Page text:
Generally speaking, arc types are divided into four different categories, but the boundaries between these categories are fluid. During MIG welding, either a spray arc or a pulsed arc is usually used. Dip transfer arcs, intermediate arcs, spray arcs, and pulsed arcs can all be used with MAG welding.
Dip transfer arcs are in the lower power range – in other words, they are associated with a low voltage and a low wire speed. With the dip transfer arc, welding is possible in virtually any position. There is minimal spattering and the arc can be controlled very effectively. It is particularly suited to welding light gauge sheets and root passes.
With intermediate arcs, short circuits and spray transfers alternate at irregular intervals. This leads to increased spattering – meaning that this particular arc type should be avoided as far as possible.
Spray arcs burn continuously without short circuit interruption. The filler metal transfers at high speed and in fine droplets into the weld pool. A degree of heat input into the workpiece, a high deposition rate, and deep penetration are all characteristics of the spray arc. For this reason, it is ideal for welding thicker sheets.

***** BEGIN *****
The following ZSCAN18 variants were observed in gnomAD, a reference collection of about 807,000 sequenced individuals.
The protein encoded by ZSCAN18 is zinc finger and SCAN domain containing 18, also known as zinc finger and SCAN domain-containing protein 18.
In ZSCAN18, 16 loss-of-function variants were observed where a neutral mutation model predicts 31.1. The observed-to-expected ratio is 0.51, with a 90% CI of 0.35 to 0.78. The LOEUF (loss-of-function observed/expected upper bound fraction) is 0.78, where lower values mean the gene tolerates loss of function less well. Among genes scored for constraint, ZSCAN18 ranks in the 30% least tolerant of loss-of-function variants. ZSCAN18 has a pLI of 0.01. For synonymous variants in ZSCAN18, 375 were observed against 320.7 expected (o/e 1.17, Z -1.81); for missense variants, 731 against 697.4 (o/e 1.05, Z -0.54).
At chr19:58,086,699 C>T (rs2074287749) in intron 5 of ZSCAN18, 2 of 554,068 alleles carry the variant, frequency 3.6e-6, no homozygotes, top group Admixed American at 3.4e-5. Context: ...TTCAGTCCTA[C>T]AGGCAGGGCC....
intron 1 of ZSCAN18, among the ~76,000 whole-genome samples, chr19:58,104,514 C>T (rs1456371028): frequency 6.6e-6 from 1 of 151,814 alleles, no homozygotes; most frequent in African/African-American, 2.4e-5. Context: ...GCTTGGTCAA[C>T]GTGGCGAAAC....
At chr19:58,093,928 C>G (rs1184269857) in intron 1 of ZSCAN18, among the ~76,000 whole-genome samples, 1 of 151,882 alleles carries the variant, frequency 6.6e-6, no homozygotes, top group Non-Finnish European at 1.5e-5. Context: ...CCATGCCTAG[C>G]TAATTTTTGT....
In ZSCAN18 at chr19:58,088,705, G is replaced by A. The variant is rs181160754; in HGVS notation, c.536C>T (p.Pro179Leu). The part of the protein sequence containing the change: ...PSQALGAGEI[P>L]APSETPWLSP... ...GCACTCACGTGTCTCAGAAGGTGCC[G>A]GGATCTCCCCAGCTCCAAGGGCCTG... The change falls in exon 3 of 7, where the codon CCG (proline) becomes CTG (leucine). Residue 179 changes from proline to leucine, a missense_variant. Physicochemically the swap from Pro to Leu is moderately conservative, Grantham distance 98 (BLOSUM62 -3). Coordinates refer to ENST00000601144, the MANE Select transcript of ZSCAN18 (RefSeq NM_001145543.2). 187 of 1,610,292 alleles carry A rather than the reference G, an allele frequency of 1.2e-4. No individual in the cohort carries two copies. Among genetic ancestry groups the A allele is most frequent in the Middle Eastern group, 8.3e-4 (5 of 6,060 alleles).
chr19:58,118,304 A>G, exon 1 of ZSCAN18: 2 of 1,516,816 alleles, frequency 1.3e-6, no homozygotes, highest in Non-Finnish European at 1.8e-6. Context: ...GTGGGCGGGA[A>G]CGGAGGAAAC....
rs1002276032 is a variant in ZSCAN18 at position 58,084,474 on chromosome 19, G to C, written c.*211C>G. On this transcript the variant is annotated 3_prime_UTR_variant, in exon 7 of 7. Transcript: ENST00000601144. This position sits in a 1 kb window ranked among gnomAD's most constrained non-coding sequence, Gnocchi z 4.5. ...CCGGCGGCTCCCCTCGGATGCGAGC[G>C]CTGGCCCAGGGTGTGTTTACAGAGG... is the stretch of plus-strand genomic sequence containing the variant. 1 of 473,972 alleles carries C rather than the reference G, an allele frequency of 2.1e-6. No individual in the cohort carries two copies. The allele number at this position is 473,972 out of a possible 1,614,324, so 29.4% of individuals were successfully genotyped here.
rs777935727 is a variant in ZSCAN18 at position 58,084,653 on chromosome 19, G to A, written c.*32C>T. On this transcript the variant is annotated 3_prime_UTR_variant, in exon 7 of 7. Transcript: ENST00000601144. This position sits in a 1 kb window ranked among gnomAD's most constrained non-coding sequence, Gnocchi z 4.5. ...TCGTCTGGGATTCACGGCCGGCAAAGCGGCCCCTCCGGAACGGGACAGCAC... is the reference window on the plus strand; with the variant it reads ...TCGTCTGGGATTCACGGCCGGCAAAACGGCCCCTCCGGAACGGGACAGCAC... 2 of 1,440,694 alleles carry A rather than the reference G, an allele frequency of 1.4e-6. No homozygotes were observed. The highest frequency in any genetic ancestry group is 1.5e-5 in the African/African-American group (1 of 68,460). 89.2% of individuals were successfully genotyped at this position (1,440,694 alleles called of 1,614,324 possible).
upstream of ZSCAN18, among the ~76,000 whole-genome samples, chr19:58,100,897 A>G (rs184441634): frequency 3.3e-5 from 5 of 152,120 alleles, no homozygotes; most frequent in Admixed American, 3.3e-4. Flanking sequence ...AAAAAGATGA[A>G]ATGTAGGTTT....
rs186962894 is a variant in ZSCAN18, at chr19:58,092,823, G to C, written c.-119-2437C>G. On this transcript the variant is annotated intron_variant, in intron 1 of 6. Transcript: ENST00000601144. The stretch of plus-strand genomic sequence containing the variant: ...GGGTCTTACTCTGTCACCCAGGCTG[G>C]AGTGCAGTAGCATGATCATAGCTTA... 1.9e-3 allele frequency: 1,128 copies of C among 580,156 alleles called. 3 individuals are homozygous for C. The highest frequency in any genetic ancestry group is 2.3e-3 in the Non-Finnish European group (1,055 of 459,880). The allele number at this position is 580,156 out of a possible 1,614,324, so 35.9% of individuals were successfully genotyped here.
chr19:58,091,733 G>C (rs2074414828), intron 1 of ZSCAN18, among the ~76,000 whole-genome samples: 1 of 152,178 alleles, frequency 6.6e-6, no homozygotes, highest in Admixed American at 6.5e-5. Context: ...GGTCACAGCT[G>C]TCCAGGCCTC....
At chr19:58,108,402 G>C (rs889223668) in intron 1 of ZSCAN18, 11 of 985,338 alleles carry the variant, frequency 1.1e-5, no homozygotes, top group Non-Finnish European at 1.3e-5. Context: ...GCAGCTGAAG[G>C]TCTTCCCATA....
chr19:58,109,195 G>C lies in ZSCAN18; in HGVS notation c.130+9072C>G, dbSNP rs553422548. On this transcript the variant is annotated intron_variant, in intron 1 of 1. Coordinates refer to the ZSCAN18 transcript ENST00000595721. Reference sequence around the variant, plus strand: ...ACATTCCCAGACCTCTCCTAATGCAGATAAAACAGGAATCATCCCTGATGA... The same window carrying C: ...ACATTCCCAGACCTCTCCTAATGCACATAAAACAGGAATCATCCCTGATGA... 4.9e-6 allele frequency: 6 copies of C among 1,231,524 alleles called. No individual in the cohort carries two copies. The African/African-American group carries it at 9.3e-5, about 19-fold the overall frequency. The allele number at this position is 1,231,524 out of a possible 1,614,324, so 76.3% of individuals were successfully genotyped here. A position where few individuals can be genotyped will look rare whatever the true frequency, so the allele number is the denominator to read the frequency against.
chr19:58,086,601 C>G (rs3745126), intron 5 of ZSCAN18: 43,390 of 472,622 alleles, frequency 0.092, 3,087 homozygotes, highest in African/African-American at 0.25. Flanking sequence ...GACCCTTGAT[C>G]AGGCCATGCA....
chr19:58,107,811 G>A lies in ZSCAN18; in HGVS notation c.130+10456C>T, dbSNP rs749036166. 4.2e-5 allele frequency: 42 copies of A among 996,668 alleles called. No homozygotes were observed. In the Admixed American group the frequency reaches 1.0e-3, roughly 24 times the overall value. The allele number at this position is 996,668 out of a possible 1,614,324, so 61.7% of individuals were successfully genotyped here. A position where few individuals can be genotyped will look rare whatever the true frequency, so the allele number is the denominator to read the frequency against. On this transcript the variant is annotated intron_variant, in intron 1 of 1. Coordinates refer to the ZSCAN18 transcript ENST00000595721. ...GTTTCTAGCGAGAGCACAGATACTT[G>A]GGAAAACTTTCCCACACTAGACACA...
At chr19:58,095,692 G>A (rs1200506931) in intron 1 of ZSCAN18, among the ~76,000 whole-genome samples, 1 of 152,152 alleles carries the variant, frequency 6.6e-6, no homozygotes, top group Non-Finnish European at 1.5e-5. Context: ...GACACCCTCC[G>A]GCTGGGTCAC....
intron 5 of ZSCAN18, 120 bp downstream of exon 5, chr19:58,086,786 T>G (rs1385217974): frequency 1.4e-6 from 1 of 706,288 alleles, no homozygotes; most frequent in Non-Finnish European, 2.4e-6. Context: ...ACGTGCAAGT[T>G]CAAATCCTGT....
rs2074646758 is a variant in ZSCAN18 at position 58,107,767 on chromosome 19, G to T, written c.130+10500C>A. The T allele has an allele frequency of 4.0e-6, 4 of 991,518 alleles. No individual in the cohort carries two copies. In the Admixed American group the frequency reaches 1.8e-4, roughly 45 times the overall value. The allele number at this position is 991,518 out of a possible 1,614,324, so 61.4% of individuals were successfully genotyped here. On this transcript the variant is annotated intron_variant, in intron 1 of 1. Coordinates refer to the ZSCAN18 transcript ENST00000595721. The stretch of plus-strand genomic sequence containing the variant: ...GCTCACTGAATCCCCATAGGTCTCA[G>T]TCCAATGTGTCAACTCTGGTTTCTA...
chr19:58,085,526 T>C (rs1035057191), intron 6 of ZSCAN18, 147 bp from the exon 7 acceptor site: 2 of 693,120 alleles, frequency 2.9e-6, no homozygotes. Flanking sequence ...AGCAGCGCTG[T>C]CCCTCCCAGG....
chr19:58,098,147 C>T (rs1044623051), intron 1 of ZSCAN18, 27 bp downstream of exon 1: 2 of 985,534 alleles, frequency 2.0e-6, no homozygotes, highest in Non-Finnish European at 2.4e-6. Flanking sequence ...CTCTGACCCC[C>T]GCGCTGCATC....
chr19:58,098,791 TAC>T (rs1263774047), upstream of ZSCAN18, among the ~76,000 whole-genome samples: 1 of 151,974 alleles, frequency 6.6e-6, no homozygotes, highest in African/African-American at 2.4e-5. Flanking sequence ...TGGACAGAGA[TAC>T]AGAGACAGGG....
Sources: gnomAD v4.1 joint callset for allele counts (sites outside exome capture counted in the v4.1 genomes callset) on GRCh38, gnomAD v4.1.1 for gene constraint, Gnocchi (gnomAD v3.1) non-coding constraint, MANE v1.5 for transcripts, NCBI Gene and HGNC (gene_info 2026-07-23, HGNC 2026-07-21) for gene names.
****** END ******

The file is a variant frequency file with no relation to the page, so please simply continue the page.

When using pulsed arcs, the material transfer is controlled using pulses in order to avoid unwanted short circuits. This results in an extremely low-spatter, versatile arc. Welders can produce high quality results, even with different materials and different thicknesses.
Rotating arcs are particularly powerful and ideally suited to welding thick workpieces, thanks to their high heat input. The droplet is deflected to the side when it detaches from the wire electrode and is transferred to the weld pool in a rotating motion. This process can only be used with mechanized systems, which limits the number of suitable applications.
Combined arcs are often made up of pulsed arcs and dip transfer arcs. The pulsed arc creates the necessary penetration and heat input, while the dip transfer arc ensures improved controllability of the weld pool. This type of arc is often used for welding out-of-position.
Advantages of MIG/MAG Welding:
- High deposition rate
- No slag formation
- Simple ignition of the arc
- Well-suited to mechanized and automated welding
- High welding speeds can be achieved while still maintaining a high weld seam quality
- Well-suited to out-of-position welding and welding in difficult positions
- Low filler metal costs
Disadvantages of MIG/MAG Welding:
- Welding outdoors or in drafty halls is only possible in certain circumstances
- Sensitive to rust and humidity
- Susceptible to porosity and lack of fusion
- High risk of spattering
- Partially lower weld seam quality than with TIG welding
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Welding is complex – but understanding the basics is easy. The Fronius “What is…?” series helps to shine a light on the different welding processes and provides an overview of the basic concepts. Other articles in this series: